With the start of the school year having just begun, we don’t need another excuse to take review on one of the most endearing films about high-school: Wes Anderson’s 1998, Rushmore.
Rushmore is unquestionably one of Anderson’s more realistic films and it is characterized by a rawness that isn’t present in many of his later, more meticulously crafted movies. Yet despite this rawness, Rushmore already embodies many of the hallmark features of Anderson’s later works. The tell-tale signs of the filmmaker he would become are apparent from the start.
A coming of age tale for both the movie’s protagonist, Max, and Anderon himself, Rushmore — more than his debut Bottle Rocket — highlights Anderson’s stylistic interests in their infancy. The intricate mise-en-scene, wide centre framing, and symmetrical aesthetic are all present but due to the film’s smaller budget, aren’t so prominent. The fact that the movie was shot on location also means that Anderson’s famed balanced composition takes place in more familiar settings. Other Andersonian features such as the storybook aesthetic, chapter-like structure, eclectic soundtrack are all also present and foreshadow the way that Anderson would go on to create such memorable ambiance throughout his later films.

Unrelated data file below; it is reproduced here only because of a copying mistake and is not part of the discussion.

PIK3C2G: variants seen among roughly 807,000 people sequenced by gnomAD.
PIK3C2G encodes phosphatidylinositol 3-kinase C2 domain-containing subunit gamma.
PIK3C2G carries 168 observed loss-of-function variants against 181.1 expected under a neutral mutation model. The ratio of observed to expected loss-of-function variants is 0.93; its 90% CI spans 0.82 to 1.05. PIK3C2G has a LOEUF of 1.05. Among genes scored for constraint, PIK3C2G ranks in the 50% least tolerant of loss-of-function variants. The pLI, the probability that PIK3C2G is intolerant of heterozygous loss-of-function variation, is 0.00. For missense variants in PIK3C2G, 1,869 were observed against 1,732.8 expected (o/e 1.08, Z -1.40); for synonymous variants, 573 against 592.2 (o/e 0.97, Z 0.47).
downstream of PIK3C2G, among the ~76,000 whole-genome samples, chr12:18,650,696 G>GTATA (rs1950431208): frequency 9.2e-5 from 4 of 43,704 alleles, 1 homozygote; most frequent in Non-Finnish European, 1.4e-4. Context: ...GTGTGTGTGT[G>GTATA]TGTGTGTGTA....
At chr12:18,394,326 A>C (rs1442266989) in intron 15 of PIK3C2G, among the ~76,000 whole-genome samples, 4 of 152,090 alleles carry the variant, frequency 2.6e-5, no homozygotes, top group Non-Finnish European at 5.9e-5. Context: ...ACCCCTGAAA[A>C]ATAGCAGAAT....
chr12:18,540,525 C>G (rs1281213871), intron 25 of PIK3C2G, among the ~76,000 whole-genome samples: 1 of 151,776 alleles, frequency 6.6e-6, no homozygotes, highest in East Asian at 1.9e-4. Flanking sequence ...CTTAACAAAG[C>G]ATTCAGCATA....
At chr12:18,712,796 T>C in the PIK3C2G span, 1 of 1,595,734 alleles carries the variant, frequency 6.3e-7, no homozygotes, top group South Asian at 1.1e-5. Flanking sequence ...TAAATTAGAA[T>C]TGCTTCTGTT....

The parallels between Max and Anderson are too numerous to list here but it’s clear that Rushmore can be seen in some sense as an autobiographical representation of Anderson’s schooling years. To learn more about Anderson and his filmmaking techniques watch the full video from ScreenPrism above.
In other Wes Anderson news, the Isle of Dogs trailer is finally here.